ANTS Are Not What You Think!, Part 7

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The last few months this column has been about ANTS as in Automatic Negative Thoughts. ANTS are our internal dialog in overdrive! It’s when we believe our self-talk in a situation that is actually benign, however, we make a negative interpretation from it. Thoughts cause feelings. An automatic negative thought would be if you think your friend is gossiping about you when you saw her whispering to someone sitting next to her, yet you are on wonderful terms with her. You are assuming the worst for no logical reason. So if you change the thought (‘I wonder what my friend is whispering about?) to no negative assumptions then you will feel better. ANTS can lead to worry, anxiety and depression and can be managed.

There are eight common ANTS. We will discuss the last one, the ‘shoulds’ this month. According to McKay, Davis and Fanning in Thoughts & Feelings: Taking Control of Your Moods & Your Life

magnifying is when we emphasize things out of proportion to their actual importance. It’s when I’ve procrastinated making handouts for a workshop I’m presenting the following morning and it’s 10 p.m. and I say to myself, ‘This is going to take all night to get these handouts done’I’m overwhelmed!’ The reality is that it will take me 1-2 hours to complete. I’ve magnified the problem in my mind which makes me feel worse.

It’s when you’ve got a backache and you suspect a ruptured disc. Or when your child makes a low grade on one test and feels despair’instead of just disappointment in not studying hard enough. Magnifying creates a tone of doom and gloom. It’s overblown pessimism.

Some of the balancing statements suggested to tone down these thoughts is to stop using magnifying adjectives such as ‘terrible,’ ‘overwhelming,’ ‘disgusting’ and ‘huge.’ Get rid of phrases such as ‘It’s impossible’ or ‘I can’t stand it.’ Humans are strong and can survive all kinds of physical and emotional pain. Put things in proportion in your mind by thinking ‘I can get though this’ or ‘I can cope’ or ‘This will all work out in the end.’ If your children hear you making such affirming statements, you will soon notice they may be more optimistic when trauma or disappointment strikes!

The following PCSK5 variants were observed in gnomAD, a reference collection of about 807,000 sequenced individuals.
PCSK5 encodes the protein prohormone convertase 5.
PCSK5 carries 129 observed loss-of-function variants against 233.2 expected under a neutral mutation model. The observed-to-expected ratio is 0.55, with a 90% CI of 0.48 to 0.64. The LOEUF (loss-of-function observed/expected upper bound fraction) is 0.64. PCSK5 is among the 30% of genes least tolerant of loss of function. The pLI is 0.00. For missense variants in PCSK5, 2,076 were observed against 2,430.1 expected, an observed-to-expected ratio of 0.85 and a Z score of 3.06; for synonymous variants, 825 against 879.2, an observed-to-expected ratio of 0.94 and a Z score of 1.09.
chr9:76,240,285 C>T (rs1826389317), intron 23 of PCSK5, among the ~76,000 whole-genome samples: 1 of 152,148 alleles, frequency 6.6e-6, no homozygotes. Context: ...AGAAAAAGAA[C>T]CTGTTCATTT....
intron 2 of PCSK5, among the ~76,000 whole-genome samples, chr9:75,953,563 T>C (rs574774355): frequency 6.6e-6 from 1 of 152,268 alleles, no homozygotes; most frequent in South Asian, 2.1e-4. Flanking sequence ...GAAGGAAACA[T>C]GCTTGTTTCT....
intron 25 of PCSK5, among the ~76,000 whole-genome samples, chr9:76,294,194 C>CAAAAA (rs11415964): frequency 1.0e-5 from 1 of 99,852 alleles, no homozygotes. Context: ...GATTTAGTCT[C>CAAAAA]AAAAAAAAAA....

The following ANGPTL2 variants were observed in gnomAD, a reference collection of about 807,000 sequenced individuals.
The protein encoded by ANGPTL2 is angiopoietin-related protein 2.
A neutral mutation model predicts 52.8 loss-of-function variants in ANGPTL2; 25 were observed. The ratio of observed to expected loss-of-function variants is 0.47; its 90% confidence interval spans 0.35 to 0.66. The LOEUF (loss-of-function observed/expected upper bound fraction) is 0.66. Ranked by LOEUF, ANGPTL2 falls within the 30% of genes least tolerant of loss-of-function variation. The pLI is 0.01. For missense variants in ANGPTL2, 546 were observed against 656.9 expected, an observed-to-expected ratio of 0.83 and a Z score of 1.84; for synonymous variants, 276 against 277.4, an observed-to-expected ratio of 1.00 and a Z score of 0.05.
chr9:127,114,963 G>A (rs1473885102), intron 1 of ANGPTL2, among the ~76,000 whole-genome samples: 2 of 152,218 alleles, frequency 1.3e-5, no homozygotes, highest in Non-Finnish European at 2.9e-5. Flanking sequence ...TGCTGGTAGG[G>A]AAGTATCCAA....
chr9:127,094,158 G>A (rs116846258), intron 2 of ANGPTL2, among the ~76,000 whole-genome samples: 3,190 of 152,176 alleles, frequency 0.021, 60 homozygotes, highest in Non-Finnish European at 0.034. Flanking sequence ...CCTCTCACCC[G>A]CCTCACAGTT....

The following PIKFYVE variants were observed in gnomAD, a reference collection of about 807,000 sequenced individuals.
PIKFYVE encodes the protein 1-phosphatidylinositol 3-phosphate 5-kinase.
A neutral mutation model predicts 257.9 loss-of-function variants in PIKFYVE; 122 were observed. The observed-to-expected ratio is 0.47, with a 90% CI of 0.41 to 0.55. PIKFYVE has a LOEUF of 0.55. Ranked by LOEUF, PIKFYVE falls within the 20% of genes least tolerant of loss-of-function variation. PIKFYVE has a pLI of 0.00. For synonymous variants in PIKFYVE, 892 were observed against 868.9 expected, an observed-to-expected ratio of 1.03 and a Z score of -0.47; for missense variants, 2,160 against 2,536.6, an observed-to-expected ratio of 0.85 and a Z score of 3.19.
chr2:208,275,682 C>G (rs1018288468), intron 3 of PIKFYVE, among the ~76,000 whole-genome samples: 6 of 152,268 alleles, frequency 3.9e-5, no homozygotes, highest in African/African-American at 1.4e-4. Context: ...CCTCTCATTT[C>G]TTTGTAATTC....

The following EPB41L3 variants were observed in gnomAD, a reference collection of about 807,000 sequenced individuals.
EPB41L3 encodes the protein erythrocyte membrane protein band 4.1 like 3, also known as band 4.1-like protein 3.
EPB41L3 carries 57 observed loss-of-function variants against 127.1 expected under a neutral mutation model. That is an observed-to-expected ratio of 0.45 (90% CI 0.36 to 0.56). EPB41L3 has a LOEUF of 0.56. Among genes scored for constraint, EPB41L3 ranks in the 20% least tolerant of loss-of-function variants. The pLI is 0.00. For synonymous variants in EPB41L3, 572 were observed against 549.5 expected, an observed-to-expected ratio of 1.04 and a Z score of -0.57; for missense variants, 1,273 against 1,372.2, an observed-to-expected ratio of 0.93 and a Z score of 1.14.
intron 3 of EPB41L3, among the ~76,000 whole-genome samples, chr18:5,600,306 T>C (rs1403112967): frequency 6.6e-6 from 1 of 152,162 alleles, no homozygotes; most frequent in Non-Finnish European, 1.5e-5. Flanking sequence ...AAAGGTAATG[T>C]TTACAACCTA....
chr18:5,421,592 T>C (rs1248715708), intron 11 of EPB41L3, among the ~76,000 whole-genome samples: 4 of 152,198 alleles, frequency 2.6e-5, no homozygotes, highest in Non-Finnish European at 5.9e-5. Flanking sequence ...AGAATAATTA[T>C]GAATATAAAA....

More in the ANTS series:

Part 1 – ANTS: Automatic Negative Thoughts
Part 2: Polarized Thinking
Part 3: Filtering
Part 4 Catastropizing
Part 5: Overgeneralization
Part 6: “Mind Reading”
Part 7: Magnifying
Part 8: “Shoulds”

Copyright 2018, Sharon Scott. No reproduction without written permission from author.

Sharon Scott

Sharon is the author of eight award-winning books including four on the topic of peer to peer pressure.

The guide for parents/educators on how to peer-proof children and teens is Peer Pressure Reversal: An Adult Guide to Developing a Responsible Child, 2nd Ed.

Her popular book for teens, How to Say No and Keep Your Friends, 2nd Ed., empowers kids to stand out,not just fit in!

A follow-up book for teens, When to Say Yes! And Make More Friends, shows adolescents how to select and meet quality friends and, in general, feel good for doing and being good.

Sharon also has a charming series of five books for elementary-age children each teaching an important living skill and "co-authored" with her savvy cocker spaniel Nicholas who makes the learning fun.Their book on managing elementary-age peer pressure is titled Too Smart for Trouble.
Sharon Scott ScottCounselor's CornerPeer PressureANTS Are Not What You Think!, Part 7 By Sharon Scott, LPC, LMFT The last few months this column has been about ANTS as in Automatic Negative Thoughts. ANTS are our internal dialog in overdrive! It's when we believe our self-talk in a situation that...Parenting Advice| Family Fun Activities for Kids